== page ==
The Disney Land Hotel
Every time I think I'm going to wake up back in the park, where the sick heart of target marketing to children lurks. But I'm still only in the hotel. I'm here all morning now, waiting for my team of grizzled misfits and a fresh-face kid to set themselves for our mission. Every minute we wait means longer lines. The human congestion will reduce our speed but give me a way to hide my team from the full onslaught of Walter E. Disney and his brain-washed acolytes.
I get weaker. The hotel walls move closer every idle second; only my motion can keep them at bay. Wearing just white underwear, and with the slather of absinthe seeping freely from my pores, I stagger through a weeping judo session. The mirror exchanges blows with my right hand, leaving both shattered. My body slumps to the ground, reduced to a pool of regret and personal fluids.
It never occurred to me to ponder "victory" on this trip. The girl, Miss Lou, 3 years and one month of precocity, isn't ready. She can't possibly be ready at this age, not with the blood running through her veins. Lou is a born consumer; a feral strain of brand loyalty flows through her unchecked. If we can steward her to the other side of this trip without sending her straight into the bin of tantrum-throwing greed-heads for the next 10 years, the mission will be complete. There is no victory, there is only the hope that we can emerge with an acceptable approximation of the child we ushered into this jungle.
A week ago, when asked what she wanted for Christmas, Lou requested "A little tree to decorate" for her room. "Please," she added without a hint of whining, "I've been very nice."
And she had. But that was then, before a single afternoon in the Park of Darkness, "the Happiest Place on Earth" for those who sell $25 tee shirts to 3 year olds. One morning later that once fresh faced kid is standing over me, pitiless, seemingly unaware of the dangers surrounding us all. She ceaselessly runs an "itsy bitsy spider" up my neck; asking daddy to take her out to meet Cinderella in the park.
She's never seen the Cinderella movie but I know not to be surprised by Lou's request. The child spotted a Mickey Mouse statue from 100 yards when we pulled into the hotel and instantly, gleefully, shouted her regards to the famed rodent. Young ones can *feel* the dark allure of branding with a sensitivity adults no longer possess. To the kids, the feeling is Magic. But I know better.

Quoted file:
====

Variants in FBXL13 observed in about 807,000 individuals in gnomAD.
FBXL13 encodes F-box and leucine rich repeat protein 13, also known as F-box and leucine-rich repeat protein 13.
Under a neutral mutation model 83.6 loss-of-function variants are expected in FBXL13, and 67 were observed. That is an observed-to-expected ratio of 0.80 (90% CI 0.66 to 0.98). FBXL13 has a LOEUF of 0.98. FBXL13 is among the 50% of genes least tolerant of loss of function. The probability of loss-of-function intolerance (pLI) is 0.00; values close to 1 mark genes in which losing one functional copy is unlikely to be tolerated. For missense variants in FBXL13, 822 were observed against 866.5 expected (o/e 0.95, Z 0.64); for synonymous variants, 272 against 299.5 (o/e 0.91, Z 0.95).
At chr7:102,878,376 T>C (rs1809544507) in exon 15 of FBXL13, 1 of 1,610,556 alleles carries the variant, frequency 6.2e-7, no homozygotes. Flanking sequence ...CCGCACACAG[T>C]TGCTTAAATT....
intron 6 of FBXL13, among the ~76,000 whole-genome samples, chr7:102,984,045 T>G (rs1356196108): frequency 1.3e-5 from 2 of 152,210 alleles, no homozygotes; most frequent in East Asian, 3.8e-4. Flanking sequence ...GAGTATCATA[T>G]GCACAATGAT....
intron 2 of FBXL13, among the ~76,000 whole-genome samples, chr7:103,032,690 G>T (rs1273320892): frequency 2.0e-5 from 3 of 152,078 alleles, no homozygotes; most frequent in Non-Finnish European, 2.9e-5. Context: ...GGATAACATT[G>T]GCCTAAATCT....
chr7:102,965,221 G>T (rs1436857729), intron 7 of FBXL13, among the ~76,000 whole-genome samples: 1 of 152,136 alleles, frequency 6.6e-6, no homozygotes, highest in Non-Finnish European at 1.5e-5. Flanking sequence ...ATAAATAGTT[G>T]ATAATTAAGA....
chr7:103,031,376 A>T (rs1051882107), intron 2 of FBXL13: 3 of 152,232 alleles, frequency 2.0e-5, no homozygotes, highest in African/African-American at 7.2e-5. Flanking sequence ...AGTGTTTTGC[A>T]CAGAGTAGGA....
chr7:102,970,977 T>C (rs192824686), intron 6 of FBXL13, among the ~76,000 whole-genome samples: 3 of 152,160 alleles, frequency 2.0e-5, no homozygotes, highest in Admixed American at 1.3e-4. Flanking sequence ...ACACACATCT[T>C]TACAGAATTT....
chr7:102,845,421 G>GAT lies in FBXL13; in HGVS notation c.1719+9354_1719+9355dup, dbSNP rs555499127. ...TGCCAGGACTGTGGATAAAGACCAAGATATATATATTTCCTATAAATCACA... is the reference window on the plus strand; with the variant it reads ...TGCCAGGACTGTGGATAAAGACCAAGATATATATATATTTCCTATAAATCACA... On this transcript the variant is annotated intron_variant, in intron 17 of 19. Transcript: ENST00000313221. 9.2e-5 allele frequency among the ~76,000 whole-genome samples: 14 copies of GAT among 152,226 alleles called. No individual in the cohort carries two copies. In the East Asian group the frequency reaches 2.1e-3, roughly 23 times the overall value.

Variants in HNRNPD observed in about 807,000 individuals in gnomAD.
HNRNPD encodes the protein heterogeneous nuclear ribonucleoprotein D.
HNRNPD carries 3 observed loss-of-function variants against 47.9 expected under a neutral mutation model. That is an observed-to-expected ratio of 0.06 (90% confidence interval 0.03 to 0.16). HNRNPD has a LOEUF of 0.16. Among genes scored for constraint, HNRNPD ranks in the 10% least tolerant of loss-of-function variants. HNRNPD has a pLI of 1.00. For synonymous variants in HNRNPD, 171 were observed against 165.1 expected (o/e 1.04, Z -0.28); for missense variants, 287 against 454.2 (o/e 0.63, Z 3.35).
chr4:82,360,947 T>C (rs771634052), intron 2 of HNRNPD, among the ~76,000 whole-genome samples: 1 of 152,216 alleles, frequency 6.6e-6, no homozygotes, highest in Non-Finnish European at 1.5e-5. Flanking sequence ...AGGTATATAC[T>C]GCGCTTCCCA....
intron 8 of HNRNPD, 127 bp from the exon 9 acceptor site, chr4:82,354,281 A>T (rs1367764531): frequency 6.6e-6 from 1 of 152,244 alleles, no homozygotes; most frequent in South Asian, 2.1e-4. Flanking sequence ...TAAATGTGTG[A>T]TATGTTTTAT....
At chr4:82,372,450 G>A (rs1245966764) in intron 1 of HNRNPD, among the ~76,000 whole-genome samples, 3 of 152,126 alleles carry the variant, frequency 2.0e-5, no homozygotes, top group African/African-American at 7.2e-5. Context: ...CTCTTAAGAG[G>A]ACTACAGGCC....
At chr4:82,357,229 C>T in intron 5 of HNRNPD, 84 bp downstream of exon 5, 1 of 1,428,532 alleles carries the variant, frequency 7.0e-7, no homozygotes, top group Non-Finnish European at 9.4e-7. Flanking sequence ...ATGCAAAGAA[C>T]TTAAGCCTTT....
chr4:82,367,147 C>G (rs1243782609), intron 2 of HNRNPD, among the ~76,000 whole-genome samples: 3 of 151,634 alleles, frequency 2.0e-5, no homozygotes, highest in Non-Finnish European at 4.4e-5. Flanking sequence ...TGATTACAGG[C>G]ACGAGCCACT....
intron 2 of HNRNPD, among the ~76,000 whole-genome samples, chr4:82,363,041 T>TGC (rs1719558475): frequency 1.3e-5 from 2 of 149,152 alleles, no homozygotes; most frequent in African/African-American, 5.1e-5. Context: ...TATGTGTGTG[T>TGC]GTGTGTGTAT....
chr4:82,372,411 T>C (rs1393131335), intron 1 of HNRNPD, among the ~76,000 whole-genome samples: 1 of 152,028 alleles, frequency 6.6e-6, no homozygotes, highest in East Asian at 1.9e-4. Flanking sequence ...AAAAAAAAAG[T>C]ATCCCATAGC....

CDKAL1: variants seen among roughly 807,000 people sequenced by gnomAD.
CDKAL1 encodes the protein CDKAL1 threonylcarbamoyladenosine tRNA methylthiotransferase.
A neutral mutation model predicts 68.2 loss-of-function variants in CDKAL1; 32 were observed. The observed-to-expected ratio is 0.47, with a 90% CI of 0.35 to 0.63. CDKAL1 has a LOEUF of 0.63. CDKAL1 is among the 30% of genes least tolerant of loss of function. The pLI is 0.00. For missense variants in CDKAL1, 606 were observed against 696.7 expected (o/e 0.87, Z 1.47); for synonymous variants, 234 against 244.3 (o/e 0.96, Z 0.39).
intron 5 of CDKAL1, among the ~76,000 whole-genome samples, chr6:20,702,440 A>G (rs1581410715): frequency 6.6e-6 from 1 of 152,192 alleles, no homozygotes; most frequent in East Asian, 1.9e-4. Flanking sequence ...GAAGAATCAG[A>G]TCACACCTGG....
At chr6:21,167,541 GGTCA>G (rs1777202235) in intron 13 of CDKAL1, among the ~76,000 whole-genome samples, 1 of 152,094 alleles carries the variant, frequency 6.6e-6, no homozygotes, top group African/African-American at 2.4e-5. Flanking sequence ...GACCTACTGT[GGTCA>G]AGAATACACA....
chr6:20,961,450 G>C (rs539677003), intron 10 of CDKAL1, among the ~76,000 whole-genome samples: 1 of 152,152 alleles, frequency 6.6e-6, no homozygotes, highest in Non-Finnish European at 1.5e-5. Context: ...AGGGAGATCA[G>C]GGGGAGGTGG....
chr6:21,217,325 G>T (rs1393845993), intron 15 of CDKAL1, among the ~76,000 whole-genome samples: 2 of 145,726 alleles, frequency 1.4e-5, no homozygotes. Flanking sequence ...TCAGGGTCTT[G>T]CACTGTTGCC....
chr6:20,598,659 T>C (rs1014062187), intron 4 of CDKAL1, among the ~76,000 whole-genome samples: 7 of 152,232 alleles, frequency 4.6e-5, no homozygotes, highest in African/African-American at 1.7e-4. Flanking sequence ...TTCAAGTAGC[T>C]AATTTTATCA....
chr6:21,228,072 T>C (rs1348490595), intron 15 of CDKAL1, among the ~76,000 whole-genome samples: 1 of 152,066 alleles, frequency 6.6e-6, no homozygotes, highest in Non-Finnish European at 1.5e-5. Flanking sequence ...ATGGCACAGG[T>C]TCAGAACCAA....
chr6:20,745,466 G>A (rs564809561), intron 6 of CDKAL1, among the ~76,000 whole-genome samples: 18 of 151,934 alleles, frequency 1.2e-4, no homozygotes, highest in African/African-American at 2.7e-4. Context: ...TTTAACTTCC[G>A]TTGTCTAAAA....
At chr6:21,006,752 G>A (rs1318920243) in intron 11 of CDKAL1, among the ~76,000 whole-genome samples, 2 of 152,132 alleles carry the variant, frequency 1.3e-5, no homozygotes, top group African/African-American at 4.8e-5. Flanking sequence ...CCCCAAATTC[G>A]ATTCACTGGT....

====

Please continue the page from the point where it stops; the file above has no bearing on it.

Magic is a matter of pure will for Disney. It is created and enforced with a cruel efficiency which has been honed in this place for half a century. To be a member of Disney is to understand that there is no room for weakness, no quarter is offered or asked for by the workers.
There is a legend here; the kind of myth so useful in controlling the denizens of this unholy place that Walt would have made it up had it not been true. According to the story, during the very first summer of park operations here in 1955, a kid who was playing Goofy got sick in the head of his costume then feinted to the ground. Seeing this, his friend Pluto ripped off his own head, and that of the ailing Goofy, to successfully administer CPR while horrified park-goers gazed on.
When the news reached Walter he asked one question for both Goofy and Pluto: "Did you break character on park grounds, in front of guests?" They had.
That night the lights of the electric light parade were strung up using the entrails of the men who had brought Pluto and Goofy to life that day. Nobody breaks character anymore. Not ever.
Creating an environment of Consumerism Magic is a matter of will here; a dark art. You give me one division of men and women with the pure will to get sick in a 20-lb felt headpiece without the kid sitting on his lap having any idea what had happened and, my friends, I will create a consumer experience for you in less than 6 months.
I don't have that division. I just have me, my wife and my mother, all charged with protecting a sliver of Sweetness in Princess Lou. We are hideously outnumbered; strangers in a strange land with a mission totally foreign to the pilgrims who surround us.
We are in the Heart of Retail Darkness less than 3 weeks before the holiest day of the retail calendar. The dispatches for the balance of this week will explore the insidious attempts to further corrupt my once-perfect daughter. I will detail the wicked plots of the retailers who gather here to feast on that which Walt lures here to kill.
I've got 4 more days and a wallet already showing signs of distress. Pray that we can find the mercy lurking in the souls of my team... Walt himself will have none.
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